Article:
Friday, July 7, 2017

The electorate wants competence but the political class promises philosopher kings

I missed this from a few months ago. From Don’t Sweat the Big Stuff by Victor Davis Hanson.
Former New York City mayor Michael Bloomberg used to offer all sorts of cosmic advice on the evils of smoking and the dangers of fatty foods and sugary soft drinks. Bloomberg also frequently pontificated on abortion and global warming, earning him a progressive audience that transcended the boroughs of New York.

But in the near-record December 2010 blizzard, Bloomberg proved utterly incompetent in the elemental tasks for which he was elected: ensuring that New Yorkers were not trapped in their homes by snowdrifts in their streets that went unplowed for days.

The Bloomberg syndrome is a characteristic of contemporary government officials. When they are unwilling or unable to address pre-modern problems in their jurisdictions — crime, crumbling infrastructure, inadequate transportation — they compensate by posing as philosopher kings who cheaply lecture on existential challenges over which they have no control.
Hanson is a little strident but his insight is significant. Around the world, electorates are demanding competence from their political class. The political class doesn't do competence. They are focused on aspirations of philosopher king leadership.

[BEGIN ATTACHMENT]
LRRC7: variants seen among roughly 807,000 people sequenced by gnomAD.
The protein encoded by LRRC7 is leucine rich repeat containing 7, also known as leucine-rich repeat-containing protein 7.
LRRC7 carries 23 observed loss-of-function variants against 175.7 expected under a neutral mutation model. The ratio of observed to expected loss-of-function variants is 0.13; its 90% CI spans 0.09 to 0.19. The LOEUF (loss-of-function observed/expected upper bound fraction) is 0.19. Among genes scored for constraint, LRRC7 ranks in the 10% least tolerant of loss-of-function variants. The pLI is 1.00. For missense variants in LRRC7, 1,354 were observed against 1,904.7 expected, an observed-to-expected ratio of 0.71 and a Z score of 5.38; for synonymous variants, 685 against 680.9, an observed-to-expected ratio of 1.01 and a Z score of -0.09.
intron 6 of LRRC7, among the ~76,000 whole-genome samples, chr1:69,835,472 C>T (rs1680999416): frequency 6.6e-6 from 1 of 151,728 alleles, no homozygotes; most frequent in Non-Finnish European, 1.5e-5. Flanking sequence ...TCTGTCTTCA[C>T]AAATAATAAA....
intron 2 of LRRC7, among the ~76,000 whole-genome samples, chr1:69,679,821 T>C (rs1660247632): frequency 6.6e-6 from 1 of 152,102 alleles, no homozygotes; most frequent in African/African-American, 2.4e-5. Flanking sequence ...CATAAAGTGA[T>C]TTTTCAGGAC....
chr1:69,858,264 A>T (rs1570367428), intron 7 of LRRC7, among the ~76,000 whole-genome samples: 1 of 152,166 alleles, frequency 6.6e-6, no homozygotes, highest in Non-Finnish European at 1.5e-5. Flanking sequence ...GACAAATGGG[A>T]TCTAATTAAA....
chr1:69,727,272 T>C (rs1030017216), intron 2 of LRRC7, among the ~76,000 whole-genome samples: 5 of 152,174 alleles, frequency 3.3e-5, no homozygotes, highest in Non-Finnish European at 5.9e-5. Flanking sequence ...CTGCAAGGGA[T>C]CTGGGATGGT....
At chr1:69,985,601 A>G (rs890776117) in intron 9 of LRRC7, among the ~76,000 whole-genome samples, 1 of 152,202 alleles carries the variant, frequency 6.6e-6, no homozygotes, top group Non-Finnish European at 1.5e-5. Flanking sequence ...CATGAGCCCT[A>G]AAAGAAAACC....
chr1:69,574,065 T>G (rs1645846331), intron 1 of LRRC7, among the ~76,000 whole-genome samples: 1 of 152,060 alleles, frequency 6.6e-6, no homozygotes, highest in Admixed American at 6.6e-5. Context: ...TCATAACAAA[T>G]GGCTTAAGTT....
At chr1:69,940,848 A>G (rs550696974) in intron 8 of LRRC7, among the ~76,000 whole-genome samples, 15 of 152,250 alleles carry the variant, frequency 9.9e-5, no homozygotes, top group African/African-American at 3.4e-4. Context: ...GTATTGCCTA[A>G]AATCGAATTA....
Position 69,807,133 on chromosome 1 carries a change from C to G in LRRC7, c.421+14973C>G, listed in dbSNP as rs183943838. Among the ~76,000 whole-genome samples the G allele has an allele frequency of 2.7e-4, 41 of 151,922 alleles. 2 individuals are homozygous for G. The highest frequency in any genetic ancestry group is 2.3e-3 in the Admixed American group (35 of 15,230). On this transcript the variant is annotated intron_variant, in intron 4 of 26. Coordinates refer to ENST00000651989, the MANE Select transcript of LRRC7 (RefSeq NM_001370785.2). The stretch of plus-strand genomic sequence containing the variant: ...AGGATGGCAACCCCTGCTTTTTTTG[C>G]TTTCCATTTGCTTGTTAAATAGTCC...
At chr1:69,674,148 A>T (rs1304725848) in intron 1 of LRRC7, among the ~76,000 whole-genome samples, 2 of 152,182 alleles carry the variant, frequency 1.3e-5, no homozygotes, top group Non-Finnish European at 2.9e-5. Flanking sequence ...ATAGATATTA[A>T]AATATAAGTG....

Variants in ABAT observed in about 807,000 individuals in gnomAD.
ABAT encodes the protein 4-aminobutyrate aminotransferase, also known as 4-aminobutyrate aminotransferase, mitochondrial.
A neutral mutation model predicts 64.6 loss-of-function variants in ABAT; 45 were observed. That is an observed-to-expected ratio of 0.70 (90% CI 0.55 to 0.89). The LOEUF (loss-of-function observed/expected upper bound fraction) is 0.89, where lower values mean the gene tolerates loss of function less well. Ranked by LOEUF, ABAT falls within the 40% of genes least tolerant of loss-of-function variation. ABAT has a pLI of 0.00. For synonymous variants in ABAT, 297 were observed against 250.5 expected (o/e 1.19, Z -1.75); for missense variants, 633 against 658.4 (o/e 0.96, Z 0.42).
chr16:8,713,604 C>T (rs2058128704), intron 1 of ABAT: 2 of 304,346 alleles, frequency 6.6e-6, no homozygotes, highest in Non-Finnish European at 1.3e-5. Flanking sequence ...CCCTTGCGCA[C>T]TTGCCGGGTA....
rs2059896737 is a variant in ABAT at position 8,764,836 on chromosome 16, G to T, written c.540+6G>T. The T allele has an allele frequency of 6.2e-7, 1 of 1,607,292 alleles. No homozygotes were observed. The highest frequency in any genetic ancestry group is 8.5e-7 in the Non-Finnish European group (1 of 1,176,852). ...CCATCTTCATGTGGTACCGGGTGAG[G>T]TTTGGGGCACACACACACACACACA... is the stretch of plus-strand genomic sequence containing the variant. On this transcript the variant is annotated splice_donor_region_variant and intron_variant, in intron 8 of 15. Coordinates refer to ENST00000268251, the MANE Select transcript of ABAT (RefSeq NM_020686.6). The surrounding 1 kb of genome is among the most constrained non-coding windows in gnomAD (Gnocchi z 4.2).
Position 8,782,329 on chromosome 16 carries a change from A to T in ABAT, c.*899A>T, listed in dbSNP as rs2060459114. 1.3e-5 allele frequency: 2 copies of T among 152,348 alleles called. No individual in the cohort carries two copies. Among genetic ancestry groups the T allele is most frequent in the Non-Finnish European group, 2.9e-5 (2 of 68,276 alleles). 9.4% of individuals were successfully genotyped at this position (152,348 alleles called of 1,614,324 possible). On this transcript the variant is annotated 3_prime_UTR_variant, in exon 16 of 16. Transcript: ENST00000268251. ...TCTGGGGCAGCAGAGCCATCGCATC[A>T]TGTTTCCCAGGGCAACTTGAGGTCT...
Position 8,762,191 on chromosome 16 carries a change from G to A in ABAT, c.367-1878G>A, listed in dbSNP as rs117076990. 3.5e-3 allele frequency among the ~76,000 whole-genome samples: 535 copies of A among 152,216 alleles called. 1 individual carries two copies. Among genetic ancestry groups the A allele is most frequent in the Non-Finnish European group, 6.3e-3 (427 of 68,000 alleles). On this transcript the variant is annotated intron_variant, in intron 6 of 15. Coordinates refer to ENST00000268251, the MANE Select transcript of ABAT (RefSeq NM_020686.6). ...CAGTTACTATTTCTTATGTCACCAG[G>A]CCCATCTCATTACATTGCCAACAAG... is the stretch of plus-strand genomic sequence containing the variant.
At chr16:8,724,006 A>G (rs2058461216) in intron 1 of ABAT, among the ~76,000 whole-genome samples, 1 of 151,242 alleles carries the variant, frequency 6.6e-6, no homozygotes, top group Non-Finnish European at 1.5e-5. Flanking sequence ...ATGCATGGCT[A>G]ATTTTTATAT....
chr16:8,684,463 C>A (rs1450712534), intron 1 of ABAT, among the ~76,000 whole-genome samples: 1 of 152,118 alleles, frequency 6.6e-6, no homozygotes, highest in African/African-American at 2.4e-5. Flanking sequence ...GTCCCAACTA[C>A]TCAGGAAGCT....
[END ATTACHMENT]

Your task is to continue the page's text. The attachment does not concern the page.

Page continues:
The gap between the low bar of what the electorate wants and the high bar that the political class promises and fails to deliver is likely a major element in all the "unexpected" outcomes of the past several years. Obama, Brexit, Sanders, Trump, Corbyn, Le Pen, etc. This gap shows up in forecasting where expertise has produced forecasts (implied philosopher king promises) widely divergent from reality in the economy (recessions), in climate change (forecasts not matching data), in security (known wolf attacks), in science (failures to replicate), etc.

In my home city, neighborhoods have birthday parties for steel plates the city leaves over pot-holes on degrading roads. One neighborhood recently had a block party for the sixth birthday of a steel plate. This despite the city having recently issued a quarter of a billion dollar bond to do routine maintenance work. A fiscal abomination in the eyes of a sober electorate but a routine demonstration of incompetence by the wannabe philosopher kings.

The mentally ill on the streets because there are no shelters, nightly acts of low level property crime (rummaging through cars, stealing packages off porches, etc.), episodic water alerts owing to loss of pressure, felons who spend no time in jail for their crimes, rising taxes and falling services, the list goes on and on.

It is no wonder that the electorate is exasperated. And no wonder that the wannabe philosopher kings are so outraged at the ignorance, inadequacy, and moral short-comings of an electorate so unenlightened as to insist on mere competence.

Competence is not hard to achieve but if you are blinded by visions of philosopher king heroism, then it is not even on the check-list of things to do.

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